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New COVID-19 Immunity Study Finds Majority of Coronavirus-Infected People Retain Antibodies for Over Six Months

By HospiMedica International staff writers
Posted on 22 Dec 2020
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A new COVID-19 immunity study has found that a very large share of people infected with coronavirus in the spring still had detectable antibodies six months later.

The study by the Finnish Institute for Health and Welfare (THL; Helsinki, Finland) aimed to find out how long the antibodies last in SARS CoV2 virus infected persons, and thus also to assess the duration of possible protection. A previous study by THL and the City of Helsinki had found that nearly all those infected with coronavirus (63/64) formed antibodies, which also remained for a period of four months in most of the participants.

The follow-up study for the serological population study of the coronavirus epidemic began in October. People aged 18 or over, who had a coronavirus infection confirmed by PCR-testing in the spring at least six months prior, were invited to take part in the study. The first blood samples were taken in early November. To date, 1,164 subjects from five different hospital districts have participated in the study. A microneutralization test developed at THL was utilized in the antibody study. The microneutralization test measures antibodies that neutralize the virus. Thus far, these antibodies have been found in 792/867 subjects (91%) in the follow-up study. The THL study found neutralizing antibodies in all 129 COVID-19 patients who had been hospitalized.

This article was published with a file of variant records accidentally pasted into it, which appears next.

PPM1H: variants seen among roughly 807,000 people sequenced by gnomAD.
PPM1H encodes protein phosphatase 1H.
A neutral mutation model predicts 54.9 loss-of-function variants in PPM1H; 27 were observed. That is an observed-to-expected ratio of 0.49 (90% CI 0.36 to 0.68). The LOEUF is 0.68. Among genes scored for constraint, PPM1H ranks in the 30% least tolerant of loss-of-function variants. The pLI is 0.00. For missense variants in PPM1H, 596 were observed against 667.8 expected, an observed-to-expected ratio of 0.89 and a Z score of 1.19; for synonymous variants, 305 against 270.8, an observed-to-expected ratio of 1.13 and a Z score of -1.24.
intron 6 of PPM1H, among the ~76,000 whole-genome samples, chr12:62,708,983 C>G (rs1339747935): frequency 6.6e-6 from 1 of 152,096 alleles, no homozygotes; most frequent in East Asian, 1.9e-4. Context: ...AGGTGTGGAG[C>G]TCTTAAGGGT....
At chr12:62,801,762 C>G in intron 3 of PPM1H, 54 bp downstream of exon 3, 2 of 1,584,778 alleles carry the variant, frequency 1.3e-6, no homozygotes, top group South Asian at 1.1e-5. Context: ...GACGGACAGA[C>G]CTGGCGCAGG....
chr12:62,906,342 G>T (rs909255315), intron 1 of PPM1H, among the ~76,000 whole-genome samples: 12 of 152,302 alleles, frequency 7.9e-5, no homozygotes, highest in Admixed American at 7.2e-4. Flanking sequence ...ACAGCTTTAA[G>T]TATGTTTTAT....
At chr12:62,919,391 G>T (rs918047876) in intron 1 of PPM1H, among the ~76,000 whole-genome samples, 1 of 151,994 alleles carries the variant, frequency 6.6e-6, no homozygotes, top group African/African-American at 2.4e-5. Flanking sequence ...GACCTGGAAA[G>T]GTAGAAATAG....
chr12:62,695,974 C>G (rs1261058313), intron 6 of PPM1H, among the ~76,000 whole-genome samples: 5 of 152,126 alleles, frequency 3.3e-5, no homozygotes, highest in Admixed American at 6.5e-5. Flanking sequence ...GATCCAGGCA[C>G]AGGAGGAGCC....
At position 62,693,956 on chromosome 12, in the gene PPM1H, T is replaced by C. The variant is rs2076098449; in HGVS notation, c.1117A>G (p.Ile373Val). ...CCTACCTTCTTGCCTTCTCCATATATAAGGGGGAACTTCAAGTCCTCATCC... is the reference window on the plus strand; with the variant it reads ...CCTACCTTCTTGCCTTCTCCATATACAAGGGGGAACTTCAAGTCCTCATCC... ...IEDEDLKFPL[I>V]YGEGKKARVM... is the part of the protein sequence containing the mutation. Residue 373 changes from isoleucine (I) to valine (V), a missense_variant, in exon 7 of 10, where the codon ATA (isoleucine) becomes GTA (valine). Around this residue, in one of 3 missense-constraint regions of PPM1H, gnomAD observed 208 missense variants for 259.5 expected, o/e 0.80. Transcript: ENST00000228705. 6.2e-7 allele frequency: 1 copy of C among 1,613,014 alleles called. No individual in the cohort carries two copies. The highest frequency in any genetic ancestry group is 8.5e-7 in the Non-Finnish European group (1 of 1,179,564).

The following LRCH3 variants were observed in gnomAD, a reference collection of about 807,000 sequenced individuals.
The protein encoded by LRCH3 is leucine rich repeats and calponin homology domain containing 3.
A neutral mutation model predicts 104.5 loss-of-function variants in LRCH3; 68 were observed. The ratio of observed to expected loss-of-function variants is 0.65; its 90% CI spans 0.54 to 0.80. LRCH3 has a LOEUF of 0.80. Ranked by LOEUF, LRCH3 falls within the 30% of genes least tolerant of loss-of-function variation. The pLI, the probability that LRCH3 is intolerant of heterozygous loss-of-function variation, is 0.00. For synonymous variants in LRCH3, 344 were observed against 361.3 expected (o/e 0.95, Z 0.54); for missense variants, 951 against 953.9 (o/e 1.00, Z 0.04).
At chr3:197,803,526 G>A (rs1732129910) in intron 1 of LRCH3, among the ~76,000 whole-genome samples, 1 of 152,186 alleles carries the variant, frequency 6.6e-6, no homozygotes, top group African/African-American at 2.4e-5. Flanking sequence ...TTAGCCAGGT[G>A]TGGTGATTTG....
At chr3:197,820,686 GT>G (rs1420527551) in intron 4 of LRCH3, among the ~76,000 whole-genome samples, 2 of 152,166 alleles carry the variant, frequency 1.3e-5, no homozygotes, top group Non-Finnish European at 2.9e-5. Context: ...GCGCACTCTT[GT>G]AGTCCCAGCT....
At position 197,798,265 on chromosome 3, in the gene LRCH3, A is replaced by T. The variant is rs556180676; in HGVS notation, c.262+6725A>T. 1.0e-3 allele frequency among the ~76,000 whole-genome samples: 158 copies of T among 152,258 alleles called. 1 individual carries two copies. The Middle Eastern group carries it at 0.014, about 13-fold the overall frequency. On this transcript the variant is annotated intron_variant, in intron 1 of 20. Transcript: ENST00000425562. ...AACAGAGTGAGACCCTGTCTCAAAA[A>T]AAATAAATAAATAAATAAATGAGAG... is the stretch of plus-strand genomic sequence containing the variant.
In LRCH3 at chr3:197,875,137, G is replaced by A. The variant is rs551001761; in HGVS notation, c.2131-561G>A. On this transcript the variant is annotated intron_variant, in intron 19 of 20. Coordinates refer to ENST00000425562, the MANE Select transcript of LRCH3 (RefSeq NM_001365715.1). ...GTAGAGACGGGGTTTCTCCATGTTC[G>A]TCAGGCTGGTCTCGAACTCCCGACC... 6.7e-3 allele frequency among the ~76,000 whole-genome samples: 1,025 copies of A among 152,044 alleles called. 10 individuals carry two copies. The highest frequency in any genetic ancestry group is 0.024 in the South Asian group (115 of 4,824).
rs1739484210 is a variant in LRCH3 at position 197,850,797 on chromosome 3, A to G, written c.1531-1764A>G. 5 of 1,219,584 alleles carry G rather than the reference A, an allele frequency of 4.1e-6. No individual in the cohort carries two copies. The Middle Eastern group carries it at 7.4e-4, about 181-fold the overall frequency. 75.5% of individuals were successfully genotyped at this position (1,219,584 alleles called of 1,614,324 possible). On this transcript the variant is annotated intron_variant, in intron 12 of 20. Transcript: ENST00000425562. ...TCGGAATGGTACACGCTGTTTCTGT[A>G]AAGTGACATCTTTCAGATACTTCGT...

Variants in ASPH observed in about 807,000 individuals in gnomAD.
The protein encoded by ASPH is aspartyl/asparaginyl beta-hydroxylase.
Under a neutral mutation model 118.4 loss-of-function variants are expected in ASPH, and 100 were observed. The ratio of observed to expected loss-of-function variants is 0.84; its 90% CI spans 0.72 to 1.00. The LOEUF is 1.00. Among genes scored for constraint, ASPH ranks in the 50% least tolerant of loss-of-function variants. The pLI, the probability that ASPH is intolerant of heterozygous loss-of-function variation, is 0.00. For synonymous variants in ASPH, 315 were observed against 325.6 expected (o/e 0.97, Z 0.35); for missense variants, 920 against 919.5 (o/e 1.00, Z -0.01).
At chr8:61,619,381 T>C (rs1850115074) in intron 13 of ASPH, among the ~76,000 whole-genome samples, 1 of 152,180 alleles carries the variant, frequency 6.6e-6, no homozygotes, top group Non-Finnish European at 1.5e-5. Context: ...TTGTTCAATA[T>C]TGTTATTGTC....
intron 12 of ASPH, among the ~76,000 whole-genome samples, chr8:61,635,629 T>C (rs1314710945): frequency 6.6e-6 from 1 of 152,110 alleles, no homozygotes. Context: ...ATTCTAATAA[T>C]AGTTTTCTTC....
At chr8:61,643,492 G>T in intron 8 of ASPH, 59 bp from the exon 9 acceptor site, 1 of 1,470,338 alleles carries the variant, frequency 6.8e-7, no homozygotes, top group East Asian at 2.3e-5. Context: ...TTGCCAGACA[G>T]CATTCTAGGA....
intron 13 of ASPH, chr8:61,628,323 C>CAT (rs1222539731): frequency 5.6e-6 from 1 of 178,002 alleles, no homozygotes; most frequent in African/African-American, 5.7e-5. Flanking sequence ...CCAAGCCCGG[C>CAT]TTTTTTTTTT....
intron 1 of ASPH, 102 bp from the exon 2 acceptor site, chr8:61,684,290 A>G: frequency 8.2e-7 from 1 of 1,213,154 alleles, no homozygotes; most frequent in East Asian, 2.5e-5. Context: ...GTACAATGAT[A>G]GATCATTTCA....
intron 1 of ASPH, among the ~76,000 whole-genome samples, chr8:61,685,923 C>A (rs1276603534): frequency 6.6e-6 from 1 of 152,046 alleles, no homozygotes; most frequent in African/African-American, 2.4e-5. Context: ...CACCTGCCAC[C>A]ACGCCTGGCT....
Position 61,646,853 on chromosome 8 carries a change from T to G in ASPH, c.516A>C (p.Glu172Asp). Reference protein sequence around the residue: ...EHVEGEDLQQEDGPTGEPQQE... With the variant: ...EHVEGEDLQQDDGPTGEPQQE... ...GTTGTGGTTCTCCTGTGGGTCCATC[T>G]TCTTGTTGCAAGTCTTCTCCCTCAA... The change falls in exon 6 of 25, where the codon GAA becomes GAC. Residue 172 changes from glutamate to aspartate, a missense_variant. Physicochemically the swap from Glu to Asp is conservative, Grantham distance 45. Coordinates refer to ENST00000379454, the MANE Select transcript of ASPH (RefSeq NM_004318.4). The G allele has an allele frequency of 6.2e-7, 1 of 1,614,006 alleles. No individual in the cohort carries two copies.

Other recent studies have also shown that neutralizing antibodies persist in a large proportion of those infected, despite a decrease in total antibodies in the months following infection. Coronaviruses that cause severe infections, such as SARS and MERS, can produce antibodies that persist for several years. The neutralizing antibodies formed in infected persons are likely to provide protection against symptoms or severe symptoms of a new infection, as evidenced by animal experiments. However, it is not yet known which amount of antibodies is sufficient to protect a person from an infection or how long the protection will last.

"The fact that antibodies persist in such a large proportion of those infected for a long time is a promising finding, and, in particular, the persistence of neutralizing antibodies can mean longer-term protection from new infection," said THL's Research Manager Merit Melin.

"Our observation that neutralizing antibodies persist in most people for more than six months after infection also increases optimism about the long-term protection provided by vaccines," added THL's Research Manager Arto Palmu.

Related Links:
Finnish Institute for Health and Welfare (THL)


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